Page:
Friday, February 19, 2016
Twice Blessed: Harper Lee's Novel
I am sorry to read that Harper Lee has died. She wrote one book, To Kill a Mockingbird, thetis standard fare in high schools, and is an undisputed classic. She played a major part in the creation of Truman Capote's In Cold Blood.
And then decades of silence.
Last year, Go Set a Watchman, an earlier draft of the novel that became Mockingbird, was published, giving rise to questions of exploitation and legacy tainting. After all, the Atticus of Watchman is a cranky old racist, whose daughter catches him betraying his own values on the very courtroom in which he embodied them.
But this is the Atticus we all love to think of:
Through the glories of pre-ordering, I got a copy of Watchman on the day of publication, and read it immediately. For what it's worth, I think that while Mockingbird is the more artfully crafted of the two, it also has the easier lift. Ultimately, it's reassuring--Tom Robinson dies, but if he hadn't broken and tried to escape, Atticus liked his odds on appeal, we're told. Even more reassuring, the Judge who assigned Atticus, and the Sheriff, Mr. Heck Tate, each try to even the playing field, and Atticus himself, the ultimate avatar of the lawyer as hero, leaves everything on that field, pulling out all the stops to save his client. Mockingbird is a beautiful, funny, tender book--but it isn't challenging.
Watchman, by contrast, undermines the heroism of Atticus's younger days--Robinson is acquitted and survives, the trial is accorded only a few lines--but, worse, confronts us with the awful identity of the racist: Someone we love. Someone who helped form us, a parent, a good and wise person in so many ways--but the oppressor and racist. He betrays Calpurnia, by representing her grandson, intending to steer him into a guilty plea. He both is and is not the Atticus we love. He did give Scout her moral compass, but his own has gotten distorted somewhere.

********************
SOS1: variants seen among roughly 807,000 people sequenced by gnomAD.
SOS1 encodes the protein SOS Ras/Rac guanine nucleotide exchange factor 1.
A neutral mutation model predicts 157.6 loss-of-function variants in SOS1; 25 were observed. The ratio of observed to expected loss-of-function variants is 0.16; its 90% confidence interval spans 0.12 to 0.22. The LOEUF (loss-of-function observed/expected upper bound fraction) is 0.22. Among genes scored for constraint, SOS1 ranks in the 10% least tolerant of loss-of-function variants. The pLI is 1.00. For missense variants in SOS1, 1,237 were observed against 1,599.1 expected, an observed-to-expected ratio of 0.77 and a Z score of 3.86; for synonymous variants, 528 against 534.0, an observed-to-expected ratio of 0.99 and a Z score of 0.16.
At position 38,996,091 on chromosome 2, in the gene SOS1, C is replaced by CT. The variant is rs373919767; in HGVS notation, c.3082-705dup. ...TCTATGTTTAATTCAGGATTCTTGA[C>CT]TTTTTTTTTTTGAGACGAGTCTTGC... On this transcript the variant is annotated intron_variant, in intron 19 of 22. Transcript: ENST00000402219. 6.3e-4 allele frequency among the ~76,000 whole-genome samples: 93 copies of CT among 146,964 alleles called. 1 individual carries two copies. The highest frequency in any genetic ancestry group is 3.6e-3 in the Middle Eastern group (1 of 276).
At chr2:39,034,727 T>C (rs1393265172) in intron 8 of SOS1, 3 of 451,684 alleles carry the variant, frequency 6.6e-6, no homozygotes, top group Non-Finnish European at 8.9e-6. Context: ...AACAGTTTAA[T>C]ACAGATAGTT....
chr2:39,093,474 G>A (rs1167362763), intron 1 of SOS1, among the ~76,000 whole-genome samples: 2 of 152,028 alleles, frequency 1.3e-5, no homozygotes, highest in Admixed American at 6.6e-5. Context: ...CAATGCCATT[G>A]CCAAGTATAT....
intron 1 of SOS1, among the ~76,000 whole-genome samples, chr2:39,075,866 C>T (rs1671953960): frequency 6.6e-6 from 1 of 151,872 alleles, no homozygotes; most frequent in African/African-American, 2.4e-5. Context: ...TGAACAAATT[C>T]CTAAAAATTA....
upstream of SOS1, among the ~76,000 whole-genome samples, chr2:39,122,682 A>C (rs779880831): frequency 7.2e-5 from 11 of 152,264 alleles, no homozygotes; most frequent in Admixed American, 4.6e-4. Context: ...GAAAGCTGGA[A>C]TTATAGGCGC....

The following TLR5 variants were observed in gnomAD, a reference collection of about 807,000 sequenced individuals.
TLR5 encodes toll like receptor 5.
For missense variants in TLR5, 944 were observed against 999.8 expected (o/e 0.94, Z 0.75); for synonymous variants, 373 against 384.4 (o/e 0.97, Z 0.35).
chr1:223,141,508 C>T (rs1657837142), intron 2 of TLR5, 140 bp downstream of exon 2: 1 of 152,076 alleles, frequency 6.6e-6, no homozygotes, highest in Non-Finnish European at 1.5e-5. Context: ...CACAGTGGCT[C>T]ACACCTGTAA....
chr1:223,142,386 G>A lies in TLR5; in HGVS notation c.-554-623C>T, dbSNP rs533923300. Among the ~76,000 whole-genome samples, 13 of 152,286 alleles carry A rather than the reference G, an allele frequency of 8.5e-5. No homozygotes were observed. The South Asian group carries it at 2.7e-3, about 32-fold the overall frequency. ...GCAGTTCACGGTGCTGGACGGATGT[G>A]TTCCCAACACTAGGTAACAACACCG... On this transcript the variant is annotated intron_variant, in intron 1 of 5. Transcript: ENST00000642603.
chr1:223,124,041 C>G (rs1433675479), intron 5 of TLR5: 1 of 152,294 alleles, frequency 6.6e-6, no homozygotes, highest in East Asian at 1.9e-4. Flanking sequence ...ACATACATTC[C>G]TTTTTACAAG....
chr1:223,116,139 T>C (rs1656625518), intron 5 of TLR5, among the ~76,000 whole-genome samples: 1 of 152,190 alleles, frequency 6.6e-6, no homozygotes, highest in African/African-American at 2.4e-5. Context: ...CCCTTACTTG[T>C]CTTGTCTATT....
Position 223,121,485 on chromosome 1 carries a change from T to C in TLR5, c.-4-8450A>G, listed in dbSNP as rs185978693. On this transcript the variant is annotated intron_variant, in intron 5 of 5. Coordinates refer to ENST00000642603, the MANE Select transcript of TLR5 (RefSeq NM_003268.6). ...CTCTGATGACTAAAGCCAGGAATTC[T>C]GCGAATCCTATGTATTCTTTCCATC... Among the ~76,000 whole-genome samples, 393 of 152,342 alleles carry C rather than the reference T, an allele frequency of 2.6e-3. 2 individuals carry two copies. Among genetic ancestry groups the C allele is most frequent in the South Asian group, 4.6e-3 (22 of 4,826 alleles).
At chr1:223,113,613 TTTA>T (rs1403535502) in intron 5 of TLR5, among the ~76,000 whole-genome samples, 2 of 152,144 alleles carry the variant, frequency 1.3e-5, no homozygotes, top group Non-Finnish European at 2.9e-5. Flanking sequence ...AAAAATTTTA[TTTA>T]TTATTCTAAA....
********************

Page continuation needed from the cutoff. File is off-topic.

It's an extraordinary achievement, if you read the books together. The flaws Atticus demonstrates in Watchman don't contradict the man in Mockingbird. If you trim the lines in Watchman about the trial to harmonize with the events of Mockingbird, they're the same man--Atticus in Mockingbird has a paternalistic superiority that is not edifying, if you look close enough.
That's in fact how I read the two: together. The rough edges of Watchman work for me, because the writing is good enough to carry me along, and to bridge the distance between the nostalgic hindsight of Scout's childhood memories, and the baffling complexities of the adult Jean Louise struggling with the aging, flawed man before her.
Together, the books have greater life than either on its own.
Harper Lee wrote one novel, after all. A two volume classic, with both the soft-focus, hopeful story of heroism a child discovering the harshness of the world needs, and the moment when we let go of reassurance, and see our parents in the round, flaws and all. It's a novel that will live.